Background: Physical and psychological symptoms are the hallmark of patients' subjective perception of their illness. The purpose of this analysis was to determine if patients with COPD have distinctive symptom profiles and to examine the association of symptom profiles with systemic biomarkers of inflammation. Methods: We conducted latent class analyses of three physical (dyspnea, fatigue, and pain) and two psychological symptoms (depression and anxiety) in 302 patients with moderate to severe COPD using baseline data from a longitudinal observational study of depression in COPD. Systemic inflammatory markers included IL1, IL8, IL10, IL12, IL13, INF, GM-CSF, TNF-α (levels >75thcentile was considered high); and CRP (levels >3 mg/L was considered high). Multinominal logistic regression models were used to examine the association between symptom classes and inflammation while adjusting for key socio-demographic and disease characteristics. Results: We found that a 4-class model best fit the data: 1) low physical and psychological symptoms (26%, Low-Phys/Low-Psych), 2) low physical but moderate psychological symptoms (18%, Low-Phys/Mod Psych), 3) high physical but moderate psychological symptoms (25%, High-Phys/Mod Psych), and 4) high physical and psychological symptoms (30%, High-Phys/High Psych). Unadjusted analyses showed associations between symptom class with high levels of IL7, IL-8 (p ≤ .10) and CRP (p < .01). In the adjusted model, those with a high CRP level were less likely to be in the High-Phys/Mod-Psych class compared to the Low-Phys/Low-Psych (OR: 0.41, 95%CI 0.19, 0.90) and Low-Phys/Mod-Psych classes (OR: 0.35, 95%CI 0.16, 0.78); elevated CRP was associated with in increased odds of being in the High-Phys/High-Psych compared to the High-Phys/Mod-Psych class (OR: 2.22, 95%CI 1.08, 4.58). Younger age, having at least a college education, oxygen use and depression history were more prominent predictors of membership in the higher symptom classes. Conclusions: Patients with COPD can be classified into four distinct symptom classes based on five commonly co-occurring physical and psychological symptoms. Systemic biomarkers of inflammation were not associated with symptom class. Additional work to test the reliability of these symptom classes, their biological drivers and their validity for prognostication and tailoring therapy in larger and more diverse samples is needed. Trial registration: Clinicaltrials.gov, NCT01074515.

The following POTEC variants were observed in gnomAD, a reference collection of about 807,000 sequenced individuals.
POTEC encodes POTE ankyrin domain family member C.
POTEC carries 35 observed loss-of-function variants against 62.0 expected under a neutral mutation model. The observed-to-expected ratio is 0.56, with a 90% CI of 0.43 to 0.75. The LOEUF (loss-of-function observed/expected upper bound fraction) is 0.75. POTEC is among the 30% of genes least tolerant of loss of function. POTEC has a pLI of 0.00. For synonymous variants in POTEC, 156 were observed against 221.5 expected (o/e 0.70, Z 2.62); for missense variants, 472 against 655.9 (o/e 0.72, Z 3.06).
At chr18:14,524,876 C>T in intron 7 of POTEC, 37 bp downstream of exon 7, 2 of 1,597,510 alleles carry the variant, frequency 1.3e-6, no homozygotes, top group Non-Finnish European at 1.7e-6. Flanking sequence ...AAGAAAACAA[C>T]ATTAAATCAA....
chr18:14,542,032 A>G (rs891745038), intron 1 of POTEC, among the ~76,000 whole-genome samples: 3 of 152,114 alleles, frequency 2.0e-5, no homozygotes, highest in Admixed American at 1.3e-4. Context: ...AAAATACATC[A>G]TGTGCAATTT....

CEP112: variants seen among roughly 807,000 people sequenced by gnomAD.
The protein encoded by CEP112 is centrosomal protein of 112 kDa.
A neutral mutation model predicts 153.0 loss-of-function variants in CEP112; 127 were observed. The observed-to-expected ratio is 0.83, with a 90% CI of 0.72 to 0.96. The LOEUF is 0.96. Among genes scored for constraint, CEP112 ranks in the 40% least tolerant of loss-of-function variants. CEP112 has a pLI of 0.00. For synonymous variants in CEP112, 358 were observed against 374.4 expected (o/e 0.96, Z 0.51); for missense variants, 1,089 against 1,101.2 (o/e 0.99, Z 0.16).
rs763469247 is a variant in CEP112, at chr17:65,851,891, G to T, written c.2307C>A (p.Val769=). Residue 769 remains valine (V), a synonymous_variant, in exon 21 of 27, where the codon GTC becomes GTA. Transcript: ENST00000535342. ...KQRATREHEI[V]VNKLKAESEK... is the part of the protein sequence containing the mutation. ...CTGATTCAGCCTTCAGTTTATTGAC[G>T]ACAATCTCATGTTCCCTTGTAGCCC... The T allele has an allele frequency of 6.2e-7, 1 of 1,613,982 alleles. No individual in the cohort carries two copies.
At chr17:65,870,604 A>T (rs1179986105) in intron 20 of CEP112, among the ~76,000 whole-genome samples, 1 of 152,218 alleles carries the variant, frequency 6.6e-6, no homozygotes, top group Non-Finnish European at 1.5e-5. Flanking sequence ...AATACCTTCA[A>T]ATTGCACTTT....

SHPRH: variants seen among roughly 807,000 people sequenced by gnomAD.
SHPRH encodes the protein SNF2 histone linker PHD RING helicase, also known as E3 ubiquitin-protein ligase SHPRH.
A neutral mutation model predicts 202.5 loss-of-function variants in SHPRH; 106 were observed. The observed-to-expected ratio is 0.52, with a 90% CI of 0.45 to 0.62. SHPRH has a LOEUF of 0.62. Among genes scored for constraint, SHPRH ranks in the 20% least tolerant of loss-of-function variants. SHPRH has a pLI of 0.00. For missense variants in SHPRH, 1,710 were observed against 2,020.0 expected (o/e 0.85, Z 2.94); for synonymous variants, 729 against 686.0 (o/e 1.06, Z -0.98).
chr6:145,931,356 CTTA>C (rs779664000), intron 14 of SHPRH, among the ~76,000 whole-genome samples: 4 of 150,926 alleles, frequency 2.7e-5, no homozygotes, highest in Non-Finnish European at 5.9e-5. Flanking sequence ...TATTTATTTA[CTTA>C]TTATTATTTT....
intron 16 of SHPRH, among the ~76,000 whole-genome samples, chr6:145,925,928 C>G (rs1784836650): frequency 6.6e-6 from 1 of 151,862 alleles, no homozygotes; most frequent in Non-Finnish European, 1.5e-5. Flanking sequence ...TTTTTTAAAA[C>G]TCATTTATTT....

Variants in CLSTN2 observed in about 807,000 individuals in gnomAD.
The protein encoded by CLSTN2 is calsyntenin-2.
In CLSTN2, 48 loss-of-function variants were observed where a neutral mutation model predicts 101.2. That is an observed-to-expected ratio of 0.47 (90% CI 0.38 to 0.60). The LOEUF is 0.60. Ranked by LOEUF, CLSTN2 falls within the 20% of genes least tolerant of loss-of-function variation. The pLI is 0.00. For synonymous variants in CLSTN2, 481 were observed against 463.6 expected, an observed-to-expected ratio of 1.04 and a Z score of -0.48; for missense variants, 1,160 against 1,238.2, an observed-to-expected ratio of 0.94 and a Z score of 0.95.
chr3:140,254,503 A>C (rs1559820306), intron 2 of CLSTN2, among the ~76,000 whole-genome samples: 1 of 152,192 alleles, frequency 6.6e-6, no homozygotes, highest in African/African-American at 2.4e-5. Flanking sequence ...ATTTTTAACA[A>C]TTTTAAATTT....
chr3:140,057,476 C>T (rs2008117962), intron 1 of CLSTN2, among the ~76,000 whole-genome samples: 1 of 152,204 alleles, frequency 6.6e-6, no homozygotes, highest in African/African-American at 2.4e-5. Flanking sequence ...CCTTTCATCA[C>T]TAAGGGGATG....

Bibliographical noteFunding Information:
Drs. Nguyen, Herting, Pike, Gharib, Matute-Bello, Borson, Kohen, and Fan have no conflicts of interest to disclose. Sandra G. Adams, MD, MS, FCCP, discloses the following: Investigator/Grant Research: National Institute of Health, Veterans Affairs Cooperative Studies Program, Bayer Pharmaceuticals Corp; Boehringer Ingelheim Pharmaceuticals, Inc; Centocor Inc, GlaxoSmithKline; Novartis Pharmaceuticals AG; Pfizer Inc; Schering-Plough Corp; Honoraria for Speaking at Continuing Education Programs (Unrestricted Grants for Continuing Education): AstraZeneca Pharmaceuticals LP; Bayer Pharmaceuticals Corp; Boehringer Ingelheim Pharmaceuticals, Inc; GlaxoSmithKline; Novartis Pharmaceuticals AG; Pfizer Inc; Schering-Plough Corp.
This work was supported in part by: 5R01HL093146 and UL1RR025014. Dr. Fan has funding through the Department of Veterans Affairs. The views expressed in this article are those of the author and do not necessarily reflect the position or policy of the Department of Veterans Affairs. The funding agencies did not participate in the design of the study and collection, analysis, and interpretation of data and in writing the manuscript.
© 2016 The Author(s).